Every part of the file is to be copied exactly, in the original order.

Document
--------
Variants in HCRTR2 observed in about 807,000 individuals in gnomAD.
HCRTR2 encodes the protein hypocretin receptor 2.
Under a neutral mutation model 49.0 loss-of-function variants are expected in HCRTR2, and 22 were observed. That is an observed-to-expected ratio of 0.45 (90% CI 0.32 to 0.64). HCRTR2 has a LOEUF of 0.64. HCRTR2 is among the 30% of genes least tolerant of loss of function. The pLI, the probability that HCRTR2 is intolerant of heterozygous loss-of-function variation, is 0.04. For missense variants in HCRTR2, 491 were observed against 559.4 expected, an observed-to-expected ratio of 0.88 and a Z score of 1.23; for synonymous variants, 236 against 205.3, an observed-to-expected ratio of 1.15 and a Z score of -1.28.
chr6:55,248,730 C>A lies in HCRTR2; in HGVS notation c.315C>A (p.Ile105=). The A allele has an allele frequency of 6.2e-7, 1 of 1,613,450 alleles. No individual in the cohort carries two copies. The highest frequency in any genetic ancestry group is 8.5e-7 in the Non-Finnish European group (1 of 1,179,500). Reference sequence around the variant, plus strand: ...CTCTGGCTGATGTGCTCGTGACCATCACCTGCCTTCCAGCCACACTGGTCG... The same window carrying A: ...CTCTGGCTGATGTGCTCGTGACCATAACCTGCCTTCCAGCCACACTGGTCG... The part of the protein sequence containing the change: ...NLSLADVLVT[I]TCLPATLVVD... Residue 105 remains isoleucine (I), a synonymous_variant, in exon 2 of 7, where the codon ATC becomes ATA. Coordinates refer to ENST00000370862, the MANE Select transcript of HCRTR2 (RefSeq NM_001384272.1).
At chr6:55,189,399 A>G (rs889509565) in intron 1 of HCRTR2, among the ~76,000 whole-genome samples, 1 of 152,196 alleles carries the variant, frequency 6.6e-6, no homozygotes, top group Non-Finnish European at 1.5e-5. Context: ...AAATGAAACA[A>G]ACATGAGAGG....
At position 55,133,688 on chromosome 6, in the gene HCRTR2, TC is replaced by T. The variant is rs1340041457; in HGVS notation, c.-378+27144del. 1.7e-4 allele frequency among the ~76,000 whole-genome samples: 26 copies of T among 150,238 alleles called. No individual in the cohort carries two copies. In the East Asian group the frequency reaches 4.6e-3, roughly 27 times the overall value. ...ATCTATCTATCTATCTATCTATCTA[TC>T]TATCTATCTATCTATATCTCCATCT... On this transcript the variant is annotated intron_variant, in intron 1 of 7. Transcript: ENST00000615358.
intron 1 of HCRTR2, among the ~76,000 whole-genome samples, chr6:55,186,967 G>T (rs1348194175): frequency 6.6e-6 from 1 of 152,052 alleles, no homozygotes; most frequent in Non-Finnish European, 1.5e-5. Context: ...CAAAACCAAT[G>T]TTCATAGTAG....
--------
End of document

Variants in HCRTR2 observed in about 807,000 individuals in gnomAD.
HCRTR2 encodes the protein hypocretin receptor 2.
Under a neutral mutation model 49.0 loss-of-function variants are expected in HCRTR2, and 22 were observed. That is an observed-to-expected ratio of 0.45 (90% CI 0.32 to 0.64). HCRTR2 has a LOEUF of 0.64. HCRTR2 is among the 30% of genes least tolerant of loss of function. The pLI, the probability that HCRTR2 is intolerant of heterozygous loss-of-function variation, is 0.04. For missense variants in HCRTR2, 491 were observed against 559.4 expected, an observed-to-expected ratio of 0.88 and a Z score of 1.23; for synonymous variants, 236 against 205.3, an observed-to-expected ratio of 1.15 and a Z score of -1.28.
chr6:55,248,730 C>A lies in HCRTR2; in HGVS notation c.315C>A (p.Ile105=). The A allele has an allele frequency of 6.2e-7, 1 of 1,613,450 alleles. No individual in the cohort carries two copies. The highest frequency in any genetic ancestry group is 8.5e-7 in the Non-Finnish European group (1 of 1,179,500). Reference sequence around the variant, plus strand: ...CTCTGGCTGATGTGCTCGTGACCATCACCTGCCTTCCAGCCACACTGGTCG... The same window carrying A: ...CTCTGGCTGATGTGCTCGTGACCATAACCTGCCTTCCAGCCACACTGGTCG... The part of the protein sequence containing the change: ...NLSLADVLVT[I]TCLPATLVVD... Residue 105 remains isoleucine (I), a synonymous_variant, in exon 2 of 7, where the codon ATC becomes ATA. Coordinates refer to ENST00000370862, the MANE Select transcript of HCRTR2 (RefSeq NM_001384272.1).
At chr6:55,189,399 A>G (rs889509565) in intron 1 of HCRTR2, among the ~76,000 whole-genome samples, 1 of 152,196 alleles carries the variant, frequency 6.6e-6, no homozygotes, top group Non-Finnish European at 1.5e-5. Context: ...AAATGAAACA[A>G]ACATGAGAGG....
At position 55,133,688 on chromosome 6, in the gene HCRTR2, TC is replaced by T. The variant is rs1340041457; in HGVS notation, c.-378+27144del. 1.7e-4 allele frequency among the ~76,000 whole-genome samples: 26 copies of T among 150,238 alleles called. No individual in the cohort carries two copies. In the East Asian group the frequency reaches 4.6e-3, roughly 27 times the overall value. ...ATCTATCTATCTATCTATCTATCTA[TC>T]TATCTATCTATCTATATCTCCATCT... On this transcript the variant is annotated intron_variant, in intron 1 of 7. Transcript: ENST00000615358.
intron 1 of HCRTR2, among the ~76,000 whole-genome samples, chr6:55,186,967 G>T (rs1348194175): frequency 6.6e-6 from 1 of 152,052 alleles, no homozygotes; most frequent in Non-Finnish European, 1.5e-5. Context: ...CAAAACCAAT[G>T]TTCATAGTAG....